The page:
A limited ballistic missile threat from North Korea and Iran to the mainland U.S. has "matured from a theoretical to a practical consideration," the commander of the U.S. Northern Command and North American Aerospace Defense Command claimed last Thursday.
Gen. Charles Jacoby was speaking in a hearing at the U.S. Senate's Committee on Armed Services. "North Korea again showcased its new road-mobile intercontinental ballistic missile during a military parade last July," he said. There is some controversy whether it was a mock-up.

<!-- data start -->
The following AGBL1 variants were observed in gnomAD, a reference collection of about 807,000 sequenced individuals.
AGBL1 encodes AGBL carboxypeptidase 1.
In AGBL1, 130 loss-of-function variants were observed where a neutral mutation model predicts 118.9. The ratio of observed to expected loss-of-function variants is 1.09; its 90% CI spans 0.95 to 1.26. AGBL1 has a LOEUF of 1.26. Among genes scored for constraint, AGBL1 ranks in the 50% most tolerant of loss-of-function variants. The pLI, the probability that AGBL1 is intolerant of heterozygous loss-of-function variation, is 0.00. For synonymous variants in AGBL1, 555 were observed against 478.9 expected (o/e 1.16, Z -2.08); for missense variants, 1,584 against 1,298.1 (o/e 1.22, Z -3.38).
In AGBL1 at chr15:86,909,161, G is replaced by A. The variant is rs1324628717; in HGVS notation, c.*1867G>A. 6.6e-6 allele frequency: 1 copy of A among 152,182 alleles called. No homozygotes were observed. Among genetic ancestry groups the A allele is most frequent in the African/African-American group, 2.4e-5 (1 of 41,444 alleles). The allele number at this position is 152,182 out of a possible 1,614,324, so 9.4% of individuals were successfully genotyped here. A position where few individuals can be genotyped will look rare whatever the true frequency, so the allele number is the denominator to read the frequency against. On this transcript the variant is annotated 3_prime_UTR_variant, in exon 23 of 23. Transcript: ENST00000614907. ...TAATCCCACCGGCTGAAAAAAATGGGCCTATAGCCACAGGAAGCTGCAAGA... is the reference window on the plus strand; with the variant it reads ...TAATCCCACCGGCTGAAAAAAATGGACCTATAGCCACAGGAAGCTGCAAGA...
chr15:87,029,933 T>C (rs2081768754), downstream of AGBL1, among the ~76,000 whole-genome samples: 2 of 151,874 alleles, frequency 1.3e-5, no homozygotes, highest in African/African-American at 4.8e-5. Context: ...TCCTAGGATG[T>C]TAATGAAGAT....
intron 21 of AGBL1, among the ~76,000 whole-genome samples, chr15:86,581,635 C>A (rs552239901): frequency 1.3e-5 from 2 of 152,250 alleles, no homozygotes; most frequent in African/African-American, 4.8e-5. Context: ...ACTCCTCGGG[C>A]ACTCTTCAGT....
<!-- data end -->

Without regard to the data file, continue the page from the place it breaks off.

The missile Jacoby mentioned is believed to be the KN-08, a slightly improved version of a missile that made its first public appearance in April 2012 and measures around 18 m in length and 2 m in diameter, with an estimated range of 5,000 to 6,000 km.
A missile would need to travel about 10,000 km to reach the west coast of the mainland U.S. from the North.
But South Korean and U.S. intelligence agencies believe that the North will soon test and deploy a longer-range missile, a military source here said.